To me, the facts indicate that particularly in the case of Mower, appellant not only became informer, he assumed the role of prosecutor and judge and apparently was unwilling to wait for or abide by a decision of the City Commission. Mower took office on January 8, 1946, so that he had only been in control of the department a short time when his attention was called to the practice and it was stopped. There is evidence that Mower was not culpable in the performance of his duties and I believe the Civil Service Commission could reasonably find that appellant far exceeded his duties as either a citizen or a police officer in an effort to oust and discredit the Chief of Police so that the latter could not effectively administer the affairs of his office.

Whether or not I agree with the findings of the Commission is not the test that can be applied in this instance. There is evidence from which the Commission could find appellant's actions were for revenge and subversive to good order in the police department. In view of this, we cannot substitute our conclusions for those of the Commission. I am of the opinion that the trial court did not err in dismissing the writ of certiorari. *Page 240

I dissent.

Plaintiff was discharged for evincing disrespect to a superior officer and to a fellow officer. The disrespect consisted of truthfully charging that a fellow officer had wrongfully disposed of used tires which were the property of the police department during the war years and that although the chief of police was aware of this he had failed to do anything to prevent it.

In December 31, 1945, applicant was discharged from the police force upon the claim that it was an economy measure. Thereafter and while he was not a member of the police force, plaintiff conducted an investigation into the irregularities in the police force involving the tire transactions above mentioned. Probably this was the first time the particulars of these transactions were known to him. On May 20, 1946, the Civil Service Commission held a public hearing which was attended by plaintiff and the other members of the police force involved in this matter. The next day, May 21st, the plaintiff was reinstated to his position on the police force as the result of a mandamus proceeding instituted by him. Apparently no action was taken regarding the Chief of Police and Sgt. Loveless for their part in the tire irregularities. On June 19th, less than a month thereafter, plaintiff was invited by the Mayor to attend a public meeting of the city commission and when there he was invited to make a statement. In this statement, he recited the facts of the tire irregularities and demanded the removal of the Chief of Police and Sgt. Loveless, because of their part in these irregularities. There is no proof that he made any untrue statement at that meeting. This meeting was held less than a month after plaintiff was reinstated, plaintiff was invited to attend the meeting and give a statement. The statement asked for was, no doubt, on the facts which he had obtained in connection with the tire irregularities in the police force. He was requested by the Mayor to attend this meeting and make a *Page 241 statement. Under those circumstances it was, in my opinion, his duty to disclose the facts as he had found them in that respect. In discharging him for that statement, even though he added his own recommendation that the Chief of Police and Sgt. Loveless be discharged, I think the commission did not regularly pursue its authority.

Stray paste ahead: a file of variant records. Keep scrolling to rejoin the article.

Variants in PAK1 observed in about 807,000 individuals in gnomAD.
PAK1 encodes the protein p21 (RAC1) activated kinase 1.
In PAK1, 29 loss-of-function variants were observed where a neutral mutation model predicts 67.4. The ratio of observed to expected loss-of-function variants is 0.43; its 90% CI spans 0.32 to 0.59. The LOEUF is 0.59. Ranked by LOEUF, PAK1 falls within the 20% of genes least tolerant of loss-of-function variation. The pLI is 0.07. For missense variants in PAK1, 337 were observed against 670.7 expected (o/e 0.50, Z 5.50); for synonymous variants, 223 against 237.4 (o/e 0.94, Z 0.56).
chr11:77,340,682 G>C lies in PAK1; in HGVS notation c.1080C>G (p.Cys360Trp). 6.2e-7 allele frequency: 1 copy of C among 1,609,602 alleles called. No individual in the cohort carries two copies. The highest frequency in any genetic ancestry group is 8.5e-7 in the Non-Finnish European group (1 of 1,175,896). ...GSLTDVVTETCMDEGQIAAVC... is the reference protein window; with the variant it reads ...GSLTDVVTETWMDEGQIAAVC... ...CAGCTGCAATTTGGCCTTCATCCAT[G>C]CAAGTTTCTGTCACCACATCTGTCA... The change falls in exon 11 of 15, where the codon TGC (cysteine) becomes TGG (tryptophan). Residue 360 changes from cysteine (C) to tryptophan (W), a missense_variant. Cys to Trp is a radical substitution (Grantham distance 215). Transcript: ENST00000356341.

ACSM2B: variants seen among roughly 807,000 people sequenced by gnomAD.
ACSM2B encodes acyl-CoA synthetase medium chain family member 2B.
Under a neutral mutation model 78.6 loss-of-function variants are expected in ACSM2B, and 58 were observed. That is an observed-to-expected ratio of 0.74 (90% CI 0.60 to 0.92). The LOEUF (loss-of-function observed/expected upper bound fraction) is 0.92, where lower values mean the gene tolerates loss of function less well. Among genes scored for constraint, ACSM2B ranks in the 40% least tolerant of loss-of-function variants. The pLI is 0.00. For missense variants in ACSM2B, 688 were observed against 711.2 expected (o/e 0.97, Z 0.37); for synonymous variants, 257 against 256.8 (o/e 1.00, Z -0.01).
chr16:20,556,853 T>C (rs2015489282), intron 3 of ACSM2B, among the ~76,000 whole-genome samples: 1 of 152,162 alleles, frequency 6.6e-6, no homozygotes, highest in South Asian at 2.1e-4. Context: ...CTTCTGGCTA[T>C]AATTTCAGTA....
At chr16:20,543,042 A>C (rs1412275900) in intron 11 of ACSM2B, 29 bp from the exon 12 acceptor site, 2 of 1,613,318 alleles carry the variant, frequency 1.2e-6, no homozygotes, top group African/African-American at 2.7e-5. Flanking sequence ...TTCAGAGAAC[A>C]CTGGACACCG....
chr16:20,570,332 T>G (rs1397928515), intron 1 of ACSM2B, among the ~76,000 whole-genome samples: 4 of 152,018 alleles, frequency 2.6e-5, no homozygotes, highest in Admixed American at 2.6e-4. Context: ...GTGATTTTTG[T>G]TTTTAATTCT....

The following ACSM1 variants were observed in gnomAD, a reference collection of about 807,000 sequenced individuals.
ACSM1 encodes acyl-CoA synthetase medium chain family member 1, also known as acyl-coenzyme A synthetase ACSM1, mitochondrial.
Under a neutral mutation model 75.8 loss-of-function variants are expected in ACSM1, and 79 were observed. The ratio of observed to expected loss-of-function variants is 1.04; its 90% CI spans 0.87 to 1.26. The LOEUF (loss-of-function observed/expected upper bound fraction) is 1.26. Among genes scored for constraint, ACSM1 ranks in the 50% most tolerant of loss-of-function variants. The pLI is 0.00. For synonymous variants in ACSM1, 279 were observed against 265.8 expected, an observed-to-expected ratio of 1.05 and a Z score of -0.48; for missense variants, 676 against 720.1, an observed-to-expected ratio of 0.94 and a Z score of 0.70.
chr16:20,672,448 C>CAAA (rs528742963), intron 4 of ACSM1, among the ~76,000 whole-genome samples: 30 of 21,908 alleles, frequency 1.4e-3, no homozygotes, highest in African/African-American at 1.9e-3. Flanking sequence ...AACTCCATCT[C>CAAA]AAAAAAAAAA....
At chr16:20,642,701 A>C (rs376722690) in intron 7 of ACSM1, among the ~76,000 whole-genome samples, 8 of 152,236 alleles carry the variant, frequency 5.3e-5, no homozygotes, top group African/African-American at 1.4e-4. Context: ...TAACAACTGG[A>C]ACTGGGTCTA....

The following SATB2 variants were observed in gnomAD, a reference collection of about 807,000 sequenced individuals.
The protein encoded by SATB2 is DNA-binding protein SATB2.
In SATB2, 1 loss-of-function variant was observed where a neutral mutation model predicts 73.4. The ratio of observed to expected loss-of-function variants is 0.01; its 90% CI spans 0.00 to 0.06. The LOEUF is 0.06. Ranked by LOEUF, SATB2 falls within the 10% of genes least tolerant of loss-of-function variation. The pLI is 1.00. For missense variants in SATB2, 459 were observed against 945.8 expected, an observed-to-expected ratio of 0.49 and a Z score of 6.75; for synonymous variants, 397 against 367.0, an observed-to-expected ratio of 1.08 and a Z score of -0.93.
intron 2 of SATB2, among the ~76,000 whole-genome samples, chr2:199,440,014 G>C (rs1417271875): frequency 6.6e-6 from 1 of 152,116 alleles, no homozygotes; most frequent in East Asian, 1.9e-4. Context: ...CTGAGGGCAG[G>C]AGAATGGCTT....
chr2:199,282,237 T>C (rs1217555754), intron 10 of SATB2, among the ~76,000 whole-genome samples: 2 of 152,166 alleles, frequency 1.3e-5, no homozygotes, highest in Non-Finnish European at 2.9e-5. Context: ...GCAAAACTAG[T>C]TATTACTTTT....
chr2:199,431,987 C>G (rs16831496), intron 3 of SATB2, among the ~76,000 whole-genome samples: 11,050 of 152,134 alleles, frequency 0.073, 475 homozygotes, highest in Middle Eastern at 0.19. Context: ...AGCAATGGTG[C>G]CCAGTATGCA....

Upon such facts the majority opinion sustains the action of the civil service commission in upholding appellant's discharge on the ground that it was for the good of the service in that his action created lack of discipline on the force. To my mind it is anomalous to hold that the truthful charging of irregularities in a public department by one of its employees when asked for a statement by the City Commission is a breach of discipline and is bad for the service. What is "for the good of the service" should be "for the good of the public welfare" and those terms should be correlative and that which promotes the former should also promote the latter. The public welfare would be ill served if an employee of a department who is usually in a better position than an outsider to know of any irregularities is to be hampered in making such irregularities known because it is considered bad for discipline. Discipline has its place where the acts of the superior or fellow employee are rightful and the act of the one disciplined is an infraction of some rule, but it does not have any place where the act will benefit the public by exposing irregularities, regardless of the motive for such exposure. An employee of a public department should know that it is his right and even duty to make such exposures and not be placed in a position where fear of loss of his job would cause him to refrain from speaking to the detriment of the public welfare. It is for these reasons that I cannot agree with the prevailing opinion. *Page 242

Document Info

DocketNumber: No. 7120.

Citation Numbers: 114 Utah 228, 198 P.2d 238

Judges: WOLFE, Justice.

Filed Date: 10/7/1948

Precedential Status: Precedential

Modified Date: 4/9/2017